A deeper way to apply Yokoi’s philosophy returns to the question: what do we have in abundance? I once collaborated with an organization that had built out an access review and certification process in IT service management. Why? Well, they had extra ServiceNow licenses. Abundance isn’t only technology, however, it can also relationships. I know another organization with strong relationships with marketing and corporate communications, who used this to great effect, producing a slick internal campaign which drove adoption of password vaulting.

In one context, it is withered. In another context, it is ripe. The trick is to see a new context.

Lateral Thinking

As a discipline, lateral thinking offers several methods for seeing things differently. One that comes to mind when studying Yokoi is the provocation and movement technique.

The first step is stating a provocation. This statement can negate the status quo, change the logical order of things, or exaggerate an aspect of the strategy. If our current security model depends upon network visibility, for example, one provocation would be “our defense doesn’t require anything from the network.”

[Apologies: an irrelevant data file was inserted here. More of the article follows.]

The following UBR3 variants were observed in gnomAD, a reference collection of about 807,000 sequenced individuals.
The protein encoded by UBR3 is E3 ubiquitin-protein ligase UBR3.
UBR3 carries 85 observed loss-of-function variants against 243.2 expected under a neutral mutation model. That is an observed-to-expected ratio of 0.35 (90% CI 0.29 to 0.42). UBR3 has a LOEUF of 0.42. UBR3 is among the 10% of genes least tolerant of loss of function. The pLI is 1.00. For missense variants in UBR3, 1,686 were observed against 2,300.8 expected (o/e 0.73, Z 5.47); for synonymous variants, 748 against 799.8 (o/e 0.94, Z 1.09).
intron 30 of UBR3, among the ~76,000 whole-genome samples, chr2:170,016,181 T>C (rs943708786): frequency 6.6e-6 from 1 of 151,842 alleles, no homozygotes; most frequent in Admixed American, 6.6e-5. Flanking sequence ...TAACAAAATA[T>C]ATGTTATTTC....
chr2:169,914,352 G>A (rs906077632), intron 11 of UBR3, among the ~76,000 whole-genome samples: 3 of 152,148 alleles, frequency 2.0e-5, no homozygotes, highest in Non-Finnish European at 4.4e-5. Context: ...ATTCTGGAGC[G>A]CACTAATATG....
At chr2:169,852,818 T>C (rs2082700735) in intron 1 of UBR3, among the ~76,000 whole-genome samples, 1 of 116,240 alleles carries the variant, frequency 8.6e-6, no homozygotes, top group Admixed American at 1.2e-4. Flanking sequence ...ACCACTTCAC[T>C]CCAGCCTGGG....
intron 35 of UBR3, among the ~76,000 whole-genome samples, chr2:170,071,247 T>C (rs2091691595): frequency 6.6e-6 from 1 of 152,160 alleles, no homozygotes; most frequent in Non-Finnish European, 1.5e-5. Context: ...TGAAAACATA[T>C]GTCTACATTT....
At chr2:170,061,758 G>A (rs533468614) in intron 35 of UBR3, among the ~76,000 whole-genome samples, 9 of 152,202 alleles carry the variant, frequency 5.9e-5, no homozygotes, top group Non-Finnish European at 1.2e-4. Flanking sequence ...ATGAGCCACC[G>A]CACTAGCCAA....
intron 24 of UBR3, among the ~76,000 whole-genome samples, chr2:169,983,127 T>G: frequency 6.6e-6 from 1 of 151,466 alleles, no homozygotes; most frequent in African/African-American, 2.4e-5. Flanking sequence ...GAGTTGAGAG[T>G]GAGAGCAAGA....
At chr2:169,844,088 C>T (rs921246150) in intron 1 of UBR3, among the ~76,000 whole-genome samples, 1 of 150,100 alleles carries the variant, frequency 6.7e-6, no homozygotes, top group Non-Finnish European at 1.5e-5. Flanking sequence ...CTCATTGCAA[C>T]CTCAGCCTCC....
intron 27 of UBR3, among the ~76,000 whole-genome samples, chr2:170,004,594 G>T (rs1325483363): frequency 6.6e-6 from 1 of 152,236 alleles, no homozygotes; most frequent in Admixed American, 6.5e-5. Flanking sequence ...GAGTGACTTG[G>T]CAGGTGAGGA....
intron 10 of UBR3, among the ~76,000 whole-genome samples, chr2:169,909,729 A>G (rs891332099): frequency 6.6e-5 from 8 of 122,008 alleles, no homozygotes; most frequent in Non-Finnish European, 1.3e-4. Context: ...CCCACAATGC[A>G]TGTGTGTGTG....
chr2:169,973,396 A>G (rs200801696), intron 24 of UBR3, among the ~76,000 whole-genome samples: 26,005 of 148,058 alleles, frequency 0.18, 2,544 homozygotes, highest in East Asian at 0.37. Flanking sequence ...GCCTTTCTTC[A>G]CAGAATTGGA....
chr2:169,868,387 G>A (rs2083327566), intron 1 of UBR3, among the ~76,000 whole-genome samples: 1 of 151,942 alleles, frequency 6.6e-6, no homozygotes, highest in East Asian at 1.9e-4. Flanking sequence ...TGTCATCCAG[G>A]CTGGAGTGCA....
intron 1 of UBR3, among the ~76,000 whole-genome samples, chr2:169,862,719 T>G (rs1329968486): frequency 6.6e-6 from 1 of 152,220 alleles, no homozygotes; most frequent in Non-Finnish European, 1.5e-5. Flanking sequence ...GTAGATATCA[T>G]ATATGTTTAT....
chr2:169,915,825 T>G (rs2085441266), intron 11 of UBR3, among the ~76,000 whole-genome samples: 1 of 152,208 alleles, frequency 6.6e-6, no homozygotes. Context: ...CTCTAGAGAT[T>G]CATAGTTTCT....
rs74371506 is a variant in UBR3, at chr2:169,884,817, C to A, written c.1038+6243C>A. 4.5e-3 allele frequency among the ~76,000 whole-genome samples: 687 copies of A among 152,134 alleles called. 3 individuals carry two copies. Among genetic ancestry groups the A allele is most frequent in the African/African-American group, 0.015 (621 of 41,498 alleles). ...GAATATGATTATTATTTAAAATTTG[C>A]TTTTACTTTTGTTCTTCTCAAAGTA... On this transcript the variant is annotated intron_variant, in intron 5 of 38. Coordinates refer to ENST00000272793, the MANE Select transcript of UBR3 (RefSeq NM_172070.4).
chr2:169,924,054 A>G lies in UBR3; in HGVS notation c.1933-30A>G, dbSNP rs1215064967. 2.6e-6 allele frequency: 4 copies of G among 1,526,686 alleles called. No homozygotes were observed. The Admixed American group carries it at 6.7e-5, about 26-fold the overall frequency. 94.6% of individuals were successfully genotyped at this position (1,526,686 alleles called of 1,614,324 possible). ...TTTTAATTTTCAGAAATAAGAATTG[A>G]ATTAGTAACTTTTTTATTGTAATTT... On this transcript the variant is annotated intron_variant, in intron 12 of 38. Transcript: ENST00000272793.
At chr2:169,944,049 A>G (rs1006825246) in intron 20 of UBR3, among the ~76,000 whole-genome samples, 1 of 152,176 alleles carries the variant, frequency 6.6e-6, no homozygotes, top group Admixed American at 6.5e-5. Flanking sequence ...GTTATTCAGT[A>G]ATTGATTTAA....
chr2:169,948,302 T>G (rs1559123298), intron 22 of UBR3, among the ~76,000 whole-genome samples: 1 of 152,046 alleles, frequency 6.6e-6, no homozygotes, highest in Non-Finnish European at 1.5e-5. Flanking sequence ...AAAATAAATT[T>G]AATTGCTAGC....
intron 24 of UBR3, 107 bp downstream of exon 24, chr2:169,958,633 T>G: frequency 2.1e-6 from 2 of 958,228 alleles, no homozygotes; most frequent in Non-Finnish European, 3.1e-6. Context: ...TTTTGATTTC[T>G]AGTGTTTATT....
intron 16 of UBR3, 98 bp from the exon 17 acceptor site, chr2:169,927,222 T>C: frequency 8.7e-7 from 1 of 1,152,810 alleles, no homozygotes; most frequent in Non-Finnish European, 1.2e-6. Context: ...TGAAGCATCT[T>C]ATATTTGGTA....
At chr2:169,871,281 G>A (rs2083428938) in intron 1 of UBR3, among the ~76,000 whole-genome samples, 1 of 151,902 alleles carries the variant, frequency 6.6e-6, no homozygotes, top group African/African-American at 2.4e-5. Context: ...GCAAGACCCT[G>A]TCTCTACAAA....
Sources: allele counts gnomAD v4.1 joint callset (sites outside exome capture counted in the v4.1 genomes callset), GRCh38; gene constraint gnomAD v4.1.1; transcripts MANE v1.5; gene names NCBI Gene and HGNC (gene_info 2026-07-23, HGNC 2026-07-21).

The second step is determining how we move from our current thinking towards a context which satisfies the provocation. The general path is to extract a principle, focus on the difference between the contexts, imagine a movement to close the gap. Using the above example, that may be “we shift monitoring from the network to the endpoint.”

The Game & Watch version of Donkey Kong offers a perfect example of provocation and movement. The arcade version of Donkey Kong required a joystick. The variable resistance joysticks used in arcades required bulky potentiometers. The provocation is an exaggerated arcade joystick taped onto a Game & Watch. The underlying principle is up/down and left/right movement.

The resulting move was to create the plus-shaped cross control pad. These controls require only four buttons, fit the Game & Watch, cost a thousandth of an arcade joystick, and became Yokoi’s most widely copied innovation.

Ripening on the Vine

Yokoi’s “lateral thinking with withered technology” principle culminated in the Nintendo Game Boy. Released in 1989, it had a cross control pad and a black-and-white LCD. The processor was from the 1970s. Specifically, Sharp’s response to the Intel 8080 and Zilog Z80. In every way, the Game Boy was under-powered compared to the competition.

The Game Boy went on take the market, and to sell 119 million units. It remained Nintendo’s highest selling game system for nearly two decades. Nintendo DS finally overtook the Game Boy in 2016. And withered technology? Withered won.